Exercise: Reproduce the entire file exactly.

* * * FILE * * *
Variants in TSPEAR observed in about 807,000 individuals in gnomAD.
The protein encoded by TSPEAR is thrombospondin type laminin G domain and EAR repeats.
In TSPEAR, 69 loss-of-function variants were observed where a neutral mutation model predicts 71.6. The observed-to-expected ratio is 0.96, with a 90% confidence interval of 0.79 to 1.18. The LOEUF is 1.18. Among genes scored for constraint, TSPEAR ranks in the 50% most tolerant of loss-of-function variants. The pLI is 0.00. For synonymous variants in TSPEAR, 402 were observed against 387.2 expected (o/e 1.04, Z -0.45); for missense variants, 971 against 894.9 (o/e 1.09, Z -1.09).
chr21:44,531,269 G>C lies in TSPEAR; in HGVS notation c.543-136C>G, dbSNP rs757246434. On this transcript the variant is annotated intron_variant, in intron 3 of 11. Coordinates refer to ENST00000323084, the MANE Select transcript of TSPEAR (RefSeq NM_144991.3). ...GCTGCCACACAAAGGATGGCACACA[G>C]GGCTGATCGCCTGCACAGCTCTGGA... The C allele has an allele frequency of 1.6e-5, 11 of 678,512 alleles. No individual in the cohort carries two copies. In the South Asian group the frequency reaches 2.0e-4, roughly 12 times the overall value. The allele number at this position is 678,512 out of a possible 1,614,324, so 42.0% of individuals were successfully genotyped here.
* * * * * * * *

Variants in TSPEAR observed in about 807,000 individuals in gnomAD.
The protein encoded by TSPEAR is thrombospondin type laminin G domain and EAR repeats.
In TSPEAR, 69 loss-of-function variants were observed where a neutral mutation model predicts 71.6. The observed-to-expected ratio is 0.96, with a 90% confidence interval of 0.79 to 1.18. The LOEUF is 1.18. Among genes scored for constraint, TSPEAR ranks in the 50% most tolerant of loss-of-function variants. The pLI is 0.00. For synonymous variants in TSPEAR, 402 were observed against 387.2 expected (o/e 1.04, Z -0.45); for missense variants, 971 against 894.9 (o/e 1.09, Z -1.09).
chr21:44,531,269 G>C lies in TSPEAR; in HGVS notation c.543-136C>G, dbSNP rs757246434. On this transcript the variant is annotated intron_variant, in intron 3 of 11. Coordinates refer to ENST00000323084, the MANE Select transcript of TSPEAR (RefSeq NM_144991.3). ...GCTGCCACACAAAGGATGGCACACA[G>C]GGCTGATCGCCTGCACAGCTCTGGA... The C allele has an allele frequency of 1.6e-5, 11 of 678,512 alleles. No individual in the cohort carries two copies. In the South Asian group the frequency reaches 2.0e-4, roughly 12 times the overall value. The allele number at this position is 678,512 out of a possible 1,614,324, so 42.0% of individuals were successfully genotyped here.